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UN to Investigate Rights Violations in North Korea

  • VOA News

North Koreans walk past posters reading "Forward to the ultimate victory under the leadership of the great party!" on March 19, 2013 on a street in Phyongchon District in Pyongyang.

North Koreans walk past posters reading "Forward to the ultimate victory under the leadership of the great party!" on March 19, 2013 on a street in Phyongchon District in Pyongyang.

The United Nations has established a commission to investigate human rights violations in North Korea, saying some of them may amount to "crimes against humanity." The U.N. Human Rights Council unanimously passed a resolution Thursday to create the commission, which will probe "systematic, widespread and grave" rights violations in North Korea. The resolution also condemns alleged torture and labor camps for political prisoners in North Korea.

The European Union and Japan presented the resolution, with backing from the United States.

Human rights groups have long called for international efforts to stop North Korean rights abuses, thought to be among the worst in the world.

The group Human Rights Watch said the U.N. inquiry will help expose "decades of abuse" by North Korea's government.

North Korean officials have denied allegations that Pyongyang is committing human rights abuses.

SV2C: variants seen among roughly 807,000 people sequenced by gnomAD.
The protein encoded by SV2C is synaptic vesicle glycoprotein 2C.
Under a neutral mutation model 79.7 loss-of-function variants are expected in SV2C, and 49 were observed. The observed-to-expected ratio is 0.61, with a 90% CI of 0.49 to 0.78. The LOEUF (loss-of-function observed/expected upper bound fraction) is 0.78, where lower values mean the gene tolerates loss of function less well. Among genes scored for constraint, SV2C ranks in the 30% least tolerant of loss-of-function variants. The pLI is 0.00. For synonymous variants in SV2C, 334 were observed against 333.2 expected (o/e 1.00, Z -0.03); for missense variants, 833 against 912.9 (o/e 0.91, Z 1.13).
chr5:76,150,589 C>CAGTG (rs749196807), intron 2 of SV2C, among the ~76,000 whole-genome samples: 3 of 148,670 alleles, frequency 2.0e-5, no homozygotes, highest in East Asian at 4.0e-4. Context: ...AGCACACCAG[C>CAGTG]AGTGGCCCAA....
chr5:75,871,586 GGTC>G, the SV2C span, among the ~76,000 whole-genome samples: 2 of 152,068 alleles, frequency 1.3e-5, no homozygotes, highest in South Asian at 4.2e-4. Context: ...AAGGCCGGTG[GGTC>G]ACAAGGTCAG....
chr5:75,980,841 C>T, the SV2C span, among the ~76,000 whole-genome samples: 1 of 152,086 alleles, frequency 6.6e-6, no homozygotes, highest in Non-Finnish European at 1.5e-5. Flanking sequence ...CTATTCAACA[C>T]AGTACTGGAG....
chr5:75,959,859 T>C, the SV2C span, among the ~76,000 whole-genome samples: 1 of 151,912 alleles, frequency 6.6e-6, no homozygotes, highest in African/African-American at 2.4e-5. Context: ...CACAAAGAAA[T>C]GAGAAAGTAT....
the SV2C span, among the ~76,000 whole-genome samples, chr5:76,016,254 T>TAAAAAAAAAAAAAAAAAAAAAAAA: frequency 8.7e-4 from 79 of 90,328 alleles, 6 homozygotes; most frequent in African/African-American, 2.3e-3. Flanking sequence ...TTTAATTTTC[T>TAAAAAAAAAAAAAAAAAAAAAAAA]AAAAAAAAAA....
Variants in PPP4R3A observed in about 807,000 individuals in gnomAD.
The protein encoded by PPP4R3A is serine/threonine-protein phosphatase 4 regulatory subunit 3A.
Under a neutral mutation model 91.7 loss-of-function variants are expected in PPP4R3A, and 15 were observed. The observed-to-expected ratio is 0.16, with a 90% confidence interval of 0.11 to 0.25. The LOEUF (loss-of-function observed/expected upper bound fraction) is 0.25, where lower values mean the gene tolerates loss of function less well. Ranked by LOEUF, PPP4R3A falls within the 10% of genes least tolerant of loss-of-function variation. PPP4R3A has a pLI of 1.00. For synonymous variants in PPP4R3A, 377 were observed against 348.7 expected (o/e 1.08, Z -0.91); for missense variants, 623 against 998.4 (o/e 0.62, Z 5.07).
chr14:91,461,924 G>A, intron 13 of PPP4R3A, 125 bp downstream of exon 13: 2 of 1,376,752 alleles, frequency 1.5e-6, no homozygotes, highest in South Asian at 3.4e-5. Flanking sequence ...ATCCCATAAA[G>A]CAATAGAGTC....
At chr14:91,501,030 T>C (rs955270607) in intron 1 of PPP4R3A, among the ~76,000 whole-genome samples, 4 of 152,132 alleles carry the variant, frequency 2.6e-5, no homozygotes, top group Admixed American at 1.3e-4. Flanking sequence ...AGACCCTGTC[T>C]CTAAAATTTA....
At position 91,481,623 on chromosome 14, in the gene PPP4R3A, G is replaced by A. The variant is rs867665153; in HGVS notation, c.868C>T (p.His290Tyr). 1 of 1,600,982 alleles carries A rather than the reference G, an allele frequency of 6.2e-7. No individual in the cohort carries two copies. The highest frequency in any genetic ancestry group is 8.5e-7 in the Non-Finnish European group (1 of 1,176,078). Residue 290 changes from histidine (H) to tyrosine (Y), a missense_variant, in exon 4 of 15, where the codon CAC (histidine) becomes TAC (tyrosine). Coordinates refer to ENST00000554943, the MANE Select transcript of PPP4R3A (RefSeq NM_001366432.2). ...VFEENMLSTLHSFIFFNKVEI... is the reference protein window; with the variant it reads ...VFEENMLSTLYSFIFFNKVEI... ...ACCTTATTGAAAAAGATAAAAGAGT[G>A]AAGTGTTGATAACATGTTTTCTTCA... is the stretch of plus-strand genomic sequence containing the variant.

A U.N.-appointed human rights authority, Marzuki Darusman, recently recommended a probe into violations in North Korea. In a report to the U.N. Human Rights Council, Darusman said a probe will help pressure Pyongyang to improve conditions. The report described abuses including murder, enslavement, imprisonment, torture, political and religious persecution, and kidnappings. Darusman also said conditions in North Korea have worsened since Kim Jong Un took power following the death in 2011 of his father, Kim Jong Il.

North Korea's delegate to the U.N. Human Rights Council, Choi Seokyoung, said Darusman's report was part of a Western-led conspiracy against his government.

Support for a U.N. inquiry has been mounting, partly because Russia and China -- traditional allies of North Korea -- have rotated out of the human rights council.

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